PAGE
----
Budget vs Financial Plan

Budget vs Financial Plan

Financial freedom is something many Americans thrive for daily. Often people believe that the pathway to obtaining financial freedom is best achieved by earning high wages to support active, debt-free lifestyles. The sad reality is that many of these higher earners struggle financially due to their true lack of knowledge when it comes to money. Misunderstanding the overall concept of money will usually lead to financial challenges and problems, and will surely make it tough to acquire money, let alone keep it.

So why do so many people struggle when it comes to the managing of their finances? One reason may be a lack of financial knowledge combined with a lack of understanding about how to use financial tools effectively. Unfortunately, the basic concepts of money, finance, budgets, and financial plans are rarely taught at any level of education. For example, let’s take a look at college graduates. After years of higher-level education, and in some cases thousands of dollars in student loan debt, new grads are seldom fully prepared for the real world as they struggle to get jobs, produce an income, or have a practical understanding on how money and finances really work. Do you know the difference between income and cash flow? Good debt or bad debt? Assets vs. liabilities? Don’t worry, most people are challenged with these questions as well.

There are two tools available to investors that want to take control and plan for their financial future. The first tool—considered by us to be the most important— is a budgeting tool that quickly allows you to practice debt management. The second tool is a financial plan or savings goal planner.  Budgeting and debt management are crucial because if an individual can set and follow a reasonable spending plan, then they are more likely to be able to save. Setting a budget and following through is an easy process that takes a little work and lots of discipline. It involves setting spending goals, debt management goals, and savings goals. Many of these tools are easily available to the public in the form of a Microsoft Excel spreadsheet, Mint.com, or FC360 Advisors’ budgeting tool.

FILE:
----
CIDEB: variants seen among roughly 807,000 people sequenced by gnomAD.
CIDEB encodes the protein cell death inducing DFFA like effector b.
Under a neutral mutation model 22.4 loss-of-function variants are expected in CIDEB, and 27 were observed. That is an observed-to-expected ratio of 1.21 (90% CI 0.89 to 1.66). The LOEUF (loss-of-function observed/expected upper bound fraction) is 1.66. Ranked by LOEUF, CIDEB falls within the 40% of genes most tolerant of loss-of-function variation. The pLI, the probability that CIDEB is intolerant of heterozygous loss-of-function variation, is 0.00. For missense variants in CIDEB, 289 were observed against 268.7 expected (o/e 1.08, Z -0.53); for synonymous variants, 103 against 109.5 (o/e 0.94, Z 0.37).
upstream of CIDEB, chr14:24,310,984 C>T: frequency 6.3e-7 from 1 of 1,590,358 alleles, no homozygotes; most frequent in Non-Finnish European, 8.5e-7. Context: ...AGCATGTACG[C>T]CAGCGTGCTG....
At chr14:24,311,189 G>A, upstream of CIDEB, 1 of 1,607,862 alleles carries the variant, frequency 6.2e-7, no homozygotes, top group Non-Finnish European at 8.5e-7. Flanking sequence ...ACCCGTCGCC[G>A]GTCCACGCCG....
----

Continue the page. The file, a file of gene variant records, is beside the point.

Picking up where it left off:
Of course, the financial planning process is also important; it allows investors to create a visual road map of what goals and dreams they wish to attain. Financial planning can alert an investor to changes that must be made to ensure a smooth transition through life’s financial phases, such as accumulating wealth while working, distributing wealth while retired, and transferring wealth after life. It is important to update your plan and be flexible when financial changes occur.

So how do a budget and a financial plan differ? Both include many of the same financial pieces, but a budget looks at historical and projected spending assumptions and financial plans look to variables to predict future cash flows, asset values, and withdrawal plans. Let’s dive a little deeper to better understand what the true purpose of each tool is.

Budgets are set by income and expenses. The goal of creating a budget is to manage the household money so expenses do not exceed the incoming earnings. With most households, the number one financial goal is to create solvency. Why is solvency important? Well, would you rather spend your life buried in bills or would you rather fund your dreams and goals? In fact, most businesses, marriages, and dreams fail when there is a lack of solvency. Therefore, a budget is a good tool to help you realize how much money you truly need to survive and what areas you can cut back on, all so that you create surpluses. So now that you have a surplus, what do you do now?

Well this is exactly when a financial plan comes into play. Essentially, your financial plan is your financial road map to your goals and dreams. It helps identify where you are going and what bumps you might hit along the way. A good financial plan will also help you identify good monetary goals, the outcomes of accomplishing these goals, and which activities and what amount of motivation is necessary to get there. Most importantly, your financial plan is a guide to keeping you on the right track to reaching your financial goals.

When I pose the following question to our clients: “How much do you really need to save so you can live your life the way you want?” most of them just stare at me with puzzled expressions. They cannot answer the question. This is where a financial plan truly differs from a budget. Whether you have dreams to own a vacation home in Maui, pay your grandkids’ college tuition, take a dream vacation each year, or just get by, your financial plan is going to detail the actions necessary to accomplish your goals.

So in just scratching the surface one can see how different a budget is compared to a financial plan and see how each plays an important role. Your budget is your foundation and the tool that is going to help you manage the storm. Your financial plan is your guide showing you what twists and turns to take to arrive at your end goals.

Seeing the need to help our clients better manage their money, FC360 has developed a budgeting tool for our clients which helps manage cash flow based on income and expenses. Our tool allows our clients to monitor progress on a monthly basis while helping them indentify opportunities for improvement. We offer this tool free of charge to our clients as a benefit to help them get one-step closer to achieving their financial goals and dreams. FC360 is also currently working to develop a financial planning solution for our clients in the near future.

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